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Russia: Seized ship wasn’t hauling arms to Iran

Russia's foreign minister on Tuesday rejected speculation that a hijacked Russian-crewed freighter was carrying S-300 missiles possibly destined for Iran.
Image: The Arctic Sea
Eight people have been accused of kidnapping and piracy over the mysterious disappearance of the Arctic Sea.Pekka Laakso / AP
/ Source: news services

Russia's foreign minister on Tuesday rejected speculation that a hijacked Russian-crewed freighter was carrying S-300 missiles possibly destined for Iran.

The freighter Arctic Sea was allegedly seized by pirates in the Baltic Sea in late July after leaving a Finnish port. Russian naval vessels intercepted the ship weeks later off Cape Verde, thousands of miles from the Algerian port where it was purportedly supposed to deliver a load of timber.

But an array of questions continue to cloud the incident. Some observers have suggested that the seizure of a ship in the crowded Baltic, especially one carrying a comparatively low-value cargo, was unlikely as an act of straightforward piracy.

Media reports over the weekend, citing military sources in Israel and Russia, said the Arctic Sea had been loaded with S-300 missiles at the naval port of Kaliningrad without the Kremlin's knowledge. Mossad, Israel's intelligence service, had been monitoring and tipped off Moscow.

'Complete lie'
But speaking to reporters Tuesday, Russian Foreign Minister Sergei Lavrov dismissed the reports as "absolutely not true."

Lavrov said "the presence of S-300s on board the Arctic Sea cargo ship is a complete lie," the state news agency RIA Novosti reported.

He said the circumstances of the ship's disappearance would become clear in due course.

Separately, Russia's top investigative body, the general prosecutor's Investigative Committee, said its inspectors had examined the ship and found no unauthorized cargo, RIA Novosti said.

The S-300, similar to the U.S. Patriot missile, is capable of shooting down aircraft, cruise missiles and ballistic missile warheads at ranges of over 90 miles and at altitudes of about 90,000 feet.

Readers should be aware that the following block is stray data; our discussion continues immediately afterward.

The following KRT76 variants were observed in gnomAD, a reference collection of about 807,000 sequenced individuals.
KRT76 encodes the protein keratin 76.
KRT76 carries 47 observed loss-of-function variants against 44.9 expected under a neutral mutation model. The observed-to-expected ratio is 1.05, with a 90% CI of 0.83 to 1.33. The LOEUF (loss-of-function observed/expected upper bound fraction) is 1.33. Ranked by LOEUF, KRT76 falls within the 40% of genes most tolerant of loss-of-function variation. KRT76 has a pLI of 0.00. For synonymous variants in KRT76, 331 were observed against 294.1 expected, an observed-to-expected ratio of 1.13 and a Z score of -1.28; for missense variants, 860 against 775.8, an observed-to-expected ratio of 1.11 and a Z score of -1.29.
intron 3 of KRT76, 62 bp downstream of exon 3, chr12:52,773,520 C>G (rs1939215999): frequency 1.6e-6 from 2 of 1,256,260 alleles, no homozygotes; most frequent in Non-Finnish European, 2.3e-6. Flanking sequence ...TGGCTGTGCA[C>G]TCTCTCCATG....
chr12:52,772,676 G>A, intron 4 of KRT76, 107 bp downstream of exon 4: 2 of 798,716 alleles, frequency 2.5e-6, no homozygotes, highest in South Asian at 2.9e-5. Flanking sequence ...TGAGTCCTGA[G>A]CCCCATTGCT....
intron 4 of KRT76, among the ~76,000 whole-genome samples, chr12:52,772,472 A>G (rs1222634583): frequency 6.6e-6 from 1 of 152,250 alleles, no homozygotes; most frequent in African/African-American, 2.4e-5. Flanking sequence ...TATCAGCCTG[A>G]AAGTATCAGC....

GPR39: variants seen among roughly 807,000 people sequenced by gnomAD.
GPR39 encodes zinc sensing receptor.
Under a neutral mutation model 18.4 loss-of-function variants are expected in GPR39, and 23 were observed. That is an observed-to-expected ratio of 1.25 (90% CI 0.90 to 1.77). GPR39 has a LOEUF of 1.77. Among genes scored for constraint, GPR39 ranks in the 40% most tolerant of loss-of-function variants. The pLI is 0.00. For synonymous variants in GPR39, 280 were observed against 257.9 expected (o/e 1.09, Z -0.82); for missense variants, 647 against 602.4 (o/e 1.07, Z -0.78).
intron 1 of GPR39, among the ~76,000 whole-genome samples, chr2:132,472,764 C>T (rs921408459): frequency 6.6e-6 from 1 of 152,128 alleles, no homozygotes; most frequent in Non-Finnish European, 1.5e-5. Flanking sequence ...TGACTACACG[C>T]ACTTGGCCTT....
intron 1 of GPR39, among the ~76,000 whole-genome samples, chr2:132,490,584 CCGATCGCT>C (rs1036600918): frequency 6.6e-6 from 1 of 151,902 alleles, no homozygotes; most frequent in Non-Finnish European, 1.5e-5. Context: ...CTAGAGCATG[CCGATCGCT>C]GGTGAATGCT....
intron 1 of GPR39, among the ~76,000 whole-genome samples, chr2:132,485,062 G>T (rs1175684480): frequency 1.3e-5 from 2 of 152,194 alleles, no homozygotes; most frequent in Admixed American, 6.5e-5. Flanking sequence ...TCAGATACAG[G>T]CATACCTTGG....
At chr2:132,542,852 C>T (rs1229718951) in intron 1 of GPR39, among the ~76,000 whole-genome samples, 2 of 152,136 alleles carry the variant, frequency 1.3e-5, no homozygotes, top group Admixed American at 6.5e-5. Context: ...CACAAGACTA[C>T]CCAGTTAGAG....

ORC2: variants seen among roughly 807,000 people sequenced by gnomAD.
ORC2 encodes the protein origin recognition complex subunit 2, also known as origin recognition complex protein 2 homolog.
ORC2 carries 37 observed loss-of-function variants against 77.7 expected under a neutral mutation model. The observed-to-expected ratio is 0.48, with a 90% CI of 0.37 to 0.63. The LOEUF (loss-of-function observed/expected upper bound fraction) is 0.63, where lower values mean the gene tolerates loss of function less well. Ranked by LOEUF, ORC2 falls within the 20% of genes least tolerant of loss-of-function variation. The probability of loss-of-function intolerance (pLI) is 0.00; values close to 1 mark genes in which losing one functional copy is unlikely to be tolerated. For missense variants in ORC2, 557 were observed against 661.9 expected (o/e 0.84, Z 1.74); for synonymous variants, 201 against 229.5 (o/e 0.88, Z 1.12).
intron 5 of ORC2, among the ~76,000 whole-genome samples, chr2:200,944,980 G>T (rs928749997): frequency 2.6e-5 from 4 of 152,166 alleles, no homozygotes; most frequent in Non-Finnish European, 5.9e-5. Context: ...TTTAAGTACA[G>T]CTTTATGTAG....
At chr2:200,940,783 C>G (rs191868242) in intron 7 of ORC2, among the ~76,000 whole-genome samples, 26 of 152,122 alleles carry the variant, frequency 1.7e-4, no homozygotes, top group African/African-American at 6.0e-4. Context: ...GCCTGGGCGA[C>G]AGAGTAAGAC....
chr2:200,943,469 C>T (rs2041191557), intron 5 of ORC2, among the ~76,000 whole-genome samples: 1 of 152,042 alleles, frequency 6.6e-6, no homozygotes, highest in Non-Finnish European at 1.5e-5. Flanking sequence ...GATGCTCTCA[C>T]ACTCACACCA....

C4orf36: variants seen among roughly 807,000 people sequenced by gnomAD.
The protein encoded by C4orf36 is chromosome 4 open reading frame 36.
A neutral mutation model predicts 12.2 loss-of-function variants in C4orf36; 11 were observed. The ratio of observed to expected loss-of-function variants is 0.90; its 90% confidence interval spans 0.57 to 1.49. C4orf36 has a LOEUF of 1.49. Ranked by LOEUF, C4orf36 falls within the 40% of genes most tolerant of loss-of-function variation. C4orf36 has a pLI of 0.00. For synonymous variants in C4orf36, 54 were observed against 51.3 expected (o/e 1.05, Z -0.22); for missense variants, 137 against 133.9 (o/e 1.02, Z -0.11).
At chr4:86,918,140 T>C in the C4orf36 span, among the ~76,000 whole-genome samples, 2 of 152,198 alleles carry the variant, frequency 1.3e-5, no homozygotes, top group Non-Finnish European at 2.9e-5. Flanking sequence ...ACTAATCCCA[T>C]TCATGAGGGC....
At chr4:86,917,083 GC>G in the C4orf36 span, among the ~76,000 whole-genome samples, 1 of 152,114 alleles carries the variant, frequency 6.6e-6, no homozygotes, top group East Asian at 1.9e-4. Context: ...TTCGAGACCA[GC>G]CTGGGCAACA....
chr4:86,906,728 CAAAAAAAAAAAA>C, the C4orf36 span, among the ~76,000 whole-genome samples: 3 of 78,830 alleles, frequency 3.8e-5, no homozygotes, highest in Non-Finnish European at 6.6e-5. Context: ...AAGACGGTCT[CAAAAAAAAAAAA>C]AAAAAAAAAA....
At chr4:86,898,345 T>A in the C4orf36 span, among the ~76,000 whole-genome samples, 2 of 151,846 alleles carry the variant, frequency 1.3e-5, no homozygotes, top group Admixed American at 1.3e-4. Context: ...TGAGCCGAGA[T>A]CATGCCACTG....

Suspicions that the Arctic Sea was carrying something other than timber also arose when Russia sent three heavy-lift air force jets to Cape Verde after the ship was found. The planes had far more capacity than would have been needed to bring the eight alleged hijackers and most crew members back to Russia.

Russian maritime expert Mikhail Voitenko caused an international storm when he said the ship could be carrying illegal weapons. The editor of Russia's respected Sovfracht maritime journal, Voitenko fled to Istanbul last week after he received anonymous threats and the magazine later sacked him.

Charges of kidnapping and piracy were brought against eight people two weeks ago in Moscow. Their lawyers called them "peaceful ecologists".

Four of the crew members remained on board to help guide the ship to the Russian port of Novorossiisk, where authorities have said a thorough investigation of the ship will be carried out.

Lavrov said Russia would invite officials from Malta, under whose flag the Arctic Sea sailed, to take part in the inspection.

"All this will be transparent and I hope that all will be convinced that the rumors you refer to are groundless," Lavrov was quoted as saying at a news conference.

Russian prosecutors maintain the ship was carrying timber.

Russia has signed a contract to sell S-300s to Iran, but reportedly has not delivered any. Israel vehemently objects to Iran acquiring the missiles, which would significantly boost Iran's defense capacities. The Jewish state believes they could protect Iranian nuclear facilities against airstrikes.

Israeli Foreign Minister Shimon Peres held talks in Moscow with President Dmitry Medvedev two days after the Arctic Sea was taken by the Russian navy. He said after the meeting that Medvedev had promised to reconsider selling S-300s to Iran.

More on: Russia  |  Arctic Sea